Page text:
QBB Bike Access Improvements Advance to CB 6 Full Board With 13-1 Vote

A DOT proposal that would extend protected bike lanes and add shared lane markings to First Avenue and 59th Street received a 13-1 supportive vote from Manhattan Community Board 6’s transportation committee last night, moving improved bike access at the Queensboro Bridge one step closer to reality after three committee meetings on the topic.

The plan would add a two-way protected bike lane and dedicated bike traffic signal at First Avenue and 59th Street. Image: ##http://www.nyc.gov/html/dot/downloads/pdf/2013-05-06-queensboro-connection-mn-cb6.pdf##DOT##

The project will extend the start of the protected bike lane on First Avenue south by two blocks. From 61st Street to 60th Street, the lane will be northbound-only, and a two-way protected lane will be installed beneath the Queensboro Bridge, between 60th Street and 59th Street. On 59th Street, cyclists would receive new shared lane markings. After westbound drivers exit 59th Street to the Queensboro Bridge, westbound cyclists would continue with a contra-flow bike lane.

On First Avenue, shared lane markings would be extended from 56th Street to 59th Street; on Second Avenue, they would be extended from 59th Street to 58th Street.

Last night’s resolution asks DOT to add flexible posts along left-turn lanes on First Avenue at 57th and 59th Streets, to prevent drivers from skipping the queue and cutting across the path of cyclists in the shared lane. It also requests a bicycle traffic signal for cyclists turning left from the contra-flow lane on 59th Street to Second Avenue, as well as more signage and markings on First Avenue where the shared lane shifts as left turn lanes appear at 57th and 59th Streets.

DOT did not object to the requests, but it’s no guarantee that those elements will be included in the final plan. Last month, DOT said that the lane widths on First Avenue were too narrow to allow for installation of flexible posts.

The plan now advances to CB 6’s full board meeting on June 12. Community Board 8, which covers the area north of 59th Street, has already voted to support the proposal. DOT has said that it would implement the changes by the end of the year if it receives supportive votes from both community boards.

  • Anonymous

    i hope something is done soon because it would make trips downtown/uptown alot safer. In an ideal world, we’d have the money to complete the east river greenway but then again we don’t because we need a carousel in battery park. Or because new york gives more in federal dollars because other states need important things such as more interstate highways to nowhere to “create jobs.”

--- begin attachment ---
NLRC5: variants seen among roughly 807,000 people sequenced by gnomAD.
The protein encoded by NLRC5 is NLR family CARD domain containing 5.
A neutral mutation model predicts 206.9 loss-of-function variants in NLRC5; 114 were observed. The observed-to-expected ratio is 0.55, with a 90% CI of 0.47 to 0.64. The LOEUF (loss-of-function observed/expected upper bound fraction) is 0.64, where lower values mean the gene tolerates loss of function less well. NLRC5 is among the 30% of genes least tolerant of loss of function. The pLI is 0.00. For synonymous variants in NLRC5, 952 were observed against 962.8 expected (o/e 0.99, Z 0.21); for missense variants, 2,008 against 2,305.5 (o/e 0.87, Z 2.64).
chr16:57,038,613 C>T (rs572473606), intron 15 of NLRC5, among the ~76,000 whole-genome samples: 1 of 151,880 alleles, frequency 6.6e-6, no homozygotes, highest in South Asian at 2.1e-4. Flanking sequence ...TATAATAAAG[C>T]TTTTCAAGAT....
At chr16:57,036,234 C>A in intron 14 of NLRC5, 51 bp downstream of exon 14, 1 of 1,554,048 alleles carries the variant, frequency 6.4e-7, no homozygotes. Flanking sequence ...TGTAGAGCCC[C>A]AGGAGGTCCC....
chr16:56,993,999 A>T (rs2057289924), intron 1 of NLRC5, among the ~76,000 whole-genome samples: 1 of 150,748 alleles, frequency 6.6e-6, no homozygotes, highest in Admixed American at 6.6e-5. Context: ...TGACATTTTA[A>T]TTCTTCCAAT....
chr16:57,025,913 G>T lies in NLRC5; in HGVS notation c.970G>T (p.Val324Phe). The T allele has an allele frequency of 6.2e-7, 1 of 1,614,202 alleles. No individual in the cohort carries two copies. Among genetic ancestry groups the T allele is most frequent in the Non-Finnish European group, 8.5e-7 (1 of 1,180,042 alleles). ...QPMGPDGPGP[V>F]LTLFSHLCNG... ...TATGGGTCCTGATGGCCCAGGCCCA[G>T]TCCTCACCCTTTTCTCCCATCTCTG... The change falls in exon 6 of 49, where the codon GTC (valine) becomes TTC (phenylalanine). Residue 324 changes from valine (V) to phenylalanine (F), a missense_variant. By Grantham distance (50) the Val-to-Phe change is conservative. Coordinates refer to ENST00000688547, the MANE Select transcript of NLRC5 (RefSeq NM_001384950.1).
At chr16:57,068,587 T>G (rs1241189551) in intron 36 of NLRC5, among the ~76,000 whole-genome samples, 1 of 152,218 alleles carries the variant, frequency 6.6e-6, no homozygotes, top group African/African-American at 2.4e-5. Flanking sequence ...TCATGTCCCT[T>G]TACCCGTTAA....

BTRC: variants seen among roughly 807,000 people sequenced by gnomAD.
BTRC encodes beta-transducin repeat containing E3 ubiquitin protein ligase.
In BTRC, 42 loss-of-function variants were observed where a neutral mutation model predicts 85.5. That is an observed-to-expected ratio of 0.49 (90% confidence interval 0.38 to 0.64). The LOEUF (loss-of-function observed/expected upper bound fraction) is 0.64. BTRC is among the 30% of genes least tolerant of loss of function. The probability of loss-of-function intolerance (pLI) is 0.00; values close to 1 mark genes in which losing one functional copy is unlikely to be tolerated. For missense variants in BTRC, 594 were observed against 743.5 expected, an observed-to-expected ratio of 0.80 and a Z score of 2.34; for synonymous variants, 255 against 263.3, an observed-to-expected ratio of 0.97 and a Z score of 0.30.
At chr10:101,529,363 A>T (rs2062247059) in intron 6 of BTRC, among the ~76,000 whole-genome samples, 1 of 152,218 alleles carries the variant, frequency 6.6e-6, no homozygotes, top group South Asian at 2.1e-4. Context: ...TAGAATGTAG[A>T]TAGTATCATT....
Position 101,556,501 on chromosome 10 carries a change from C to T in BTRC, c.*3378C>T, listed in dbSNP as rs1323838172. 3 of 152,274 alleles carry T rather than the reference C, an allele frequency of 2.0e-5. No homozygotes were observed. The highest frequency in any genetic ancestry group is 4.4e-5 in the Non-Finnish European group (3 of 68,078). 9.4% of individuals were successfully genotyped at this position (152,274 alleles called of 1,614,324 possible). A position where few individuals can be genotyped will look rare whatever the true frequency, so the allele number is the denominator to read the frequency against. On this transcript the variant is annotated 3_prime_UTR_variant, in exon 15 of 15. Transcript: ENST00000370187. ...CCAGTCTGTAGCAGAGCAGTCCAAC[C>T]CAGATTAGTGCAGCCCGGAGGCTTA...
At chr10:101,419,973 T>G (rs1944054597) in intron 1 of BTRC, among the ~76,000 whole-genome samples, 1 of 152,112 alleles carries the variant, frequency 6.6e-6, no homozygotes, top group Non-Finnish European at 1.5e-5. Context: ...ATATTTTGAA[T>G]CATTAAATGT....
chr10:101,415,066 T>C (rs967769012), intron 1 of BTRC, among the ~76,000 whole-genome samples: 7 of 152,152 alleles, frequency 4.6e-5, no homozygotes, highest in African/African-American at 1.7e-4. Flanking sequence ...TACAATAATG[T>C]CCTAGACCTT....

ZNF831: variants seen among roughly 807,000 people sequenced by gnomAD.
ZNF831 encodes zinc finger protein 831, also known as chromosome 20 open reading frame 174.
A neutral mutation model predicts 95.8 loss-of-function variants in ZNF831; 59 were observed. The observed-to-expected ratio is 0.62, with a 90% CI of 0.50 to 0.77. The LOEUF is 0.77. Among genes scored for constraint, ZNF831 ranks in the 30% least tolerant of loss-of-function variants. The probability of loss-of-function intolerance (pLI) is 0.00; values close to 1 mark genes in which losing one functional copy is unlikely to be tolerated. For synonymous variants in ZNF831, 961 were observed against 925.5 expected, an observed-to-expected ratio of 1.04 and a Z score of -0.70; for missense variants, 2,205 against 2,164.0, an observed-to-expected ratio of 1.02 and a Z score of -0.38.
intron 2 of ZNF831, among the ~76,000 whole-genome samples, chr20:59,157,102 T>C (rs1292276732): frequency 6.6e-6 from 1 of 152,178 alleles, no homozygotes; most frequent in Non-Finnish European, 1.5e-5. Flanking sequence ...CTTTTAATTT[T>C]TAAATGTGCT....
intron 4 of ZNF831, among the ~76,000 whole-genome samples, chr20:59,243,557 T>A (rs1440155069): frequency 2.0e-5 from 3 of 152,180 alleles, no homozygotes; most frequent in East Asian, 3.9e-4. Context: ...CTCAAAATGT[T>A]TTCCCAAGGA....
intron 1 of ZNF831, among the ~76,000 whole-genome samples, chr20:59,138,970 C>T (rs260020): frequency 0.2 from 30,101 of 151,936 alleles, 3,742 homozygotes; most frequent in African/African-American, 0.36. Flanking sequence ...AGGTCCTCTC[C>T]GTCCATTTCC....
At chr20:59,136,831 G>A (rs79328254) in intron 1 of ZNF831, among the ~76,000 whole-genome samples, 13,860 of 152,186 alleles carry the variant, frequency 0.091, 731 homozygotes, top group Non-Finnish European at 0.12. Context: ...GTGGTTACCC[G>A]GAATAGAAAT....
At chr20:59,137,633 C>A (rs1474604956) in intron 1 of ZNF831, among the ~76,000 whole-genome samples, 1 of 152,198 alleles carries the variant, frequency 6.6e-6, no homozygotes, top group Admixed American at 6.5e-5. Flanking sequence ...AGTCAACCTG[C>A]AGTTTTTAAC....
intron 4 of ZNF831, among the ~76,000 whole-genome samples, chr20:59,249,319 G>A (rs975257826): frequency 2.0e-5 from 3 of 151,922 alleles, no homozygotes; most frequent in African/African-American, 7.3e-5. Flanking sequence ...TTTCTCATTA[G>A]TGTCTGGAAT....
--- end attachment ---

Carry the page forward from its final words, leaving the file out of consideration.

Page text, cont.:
• Worth noting how smoothly these improvements are moving through the community boards, in comparison to the earlier stages of the effort to build out the First and Second Avenue “complete streets” facility back in 2009-2011. One of the main reasons is that over the course of the campaign, a number of livable streets activists have made the personal sacrifice of applying to and participating in their community boards, where they routinely have to not only listen to people like Dorothy Rabinowitz, but actually persuade them to see things differently! Thank you! (Lord knows I don’t have the patience or political skills to do it.)

    Community Boards are going to be all the more important for the livable streets in the post-Bloomberg era. I hope lots of people reading this will apply/.

  • Community Board 8

    Below is an e-mail that Gibson Dunn attorney Jim Walden sent to Manhattan Community Board 8, offering to sue DOT to stop this project. Walden is the attorney who is (still) suing DOT over the redesign of Prospect Park West in Brooklyn. Some New York City attorneys are ambulance-chasers. Jim Walden is a bike lane-chaser.

    From: Walden, Jim [mailto:JWalden@gibsondunn.com]
    Sent: Monday, April 08, 2013 12:21 PM
    To: info@cb8m.com
    Cc: XXXXX
    Subject: Bike lane safety

    To the Chairs of the Transportation Committee:

    We represent two community groups opposed to the two-way, parking protected bike lane on Prospect Park West in Brooklyn. We were surprised to see DOT’s statements concerning the inherent safety of bike lanes, since recently it was forced by a judge in the PPW case to release data, which showed a significant increase in crashes after installation of the lane.

    If we can be helpful to you in your evaluation of the bike lane on UES, please let us know.

    Best regards,

    Jim

    Jim Walden

    GIBSON DUNN

    Gibson, Dunn & Crutcher LLP
    200 Park Avenue, New York, NY 10166-0193
    Tel +1 212.351.2300 • Fax +1 212.351.5300
    JWalden@gibsondunn.comhttp://www.gibsondunn.com

  • Anonymous

    Why do I never see it discussed that there is literally no way to ride
    southbound on the east side in the 60s and 70s (not sure bout 80s). I
    live on 1st Ave and it’s a treat riding NB in the protected lane on 1at
    but I can’t get home safely! You aren’t supposed to ride SB in the 1st
    ave lane (they even put up wrong way signs) yet 2nd ave is a deathtrap
    and so is York. Is any proposal in the works to deal with this???

  • Ex-driver

    The only alternative is the East River Greenway above 60th Street, and York/Sutton Place below 60th where it is less busy.

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Soon there will be a continuous northbound protected bike lane along the length of First Avenue, from Houston Street to the Harlem River. On Monday, the Manhattan Community Board 6 transportation committee voted for DOT’s plan to plug the critical gaps in physical protection near the United Nations and the approach to the Queensboro Bridge [PDF]. From 55th […]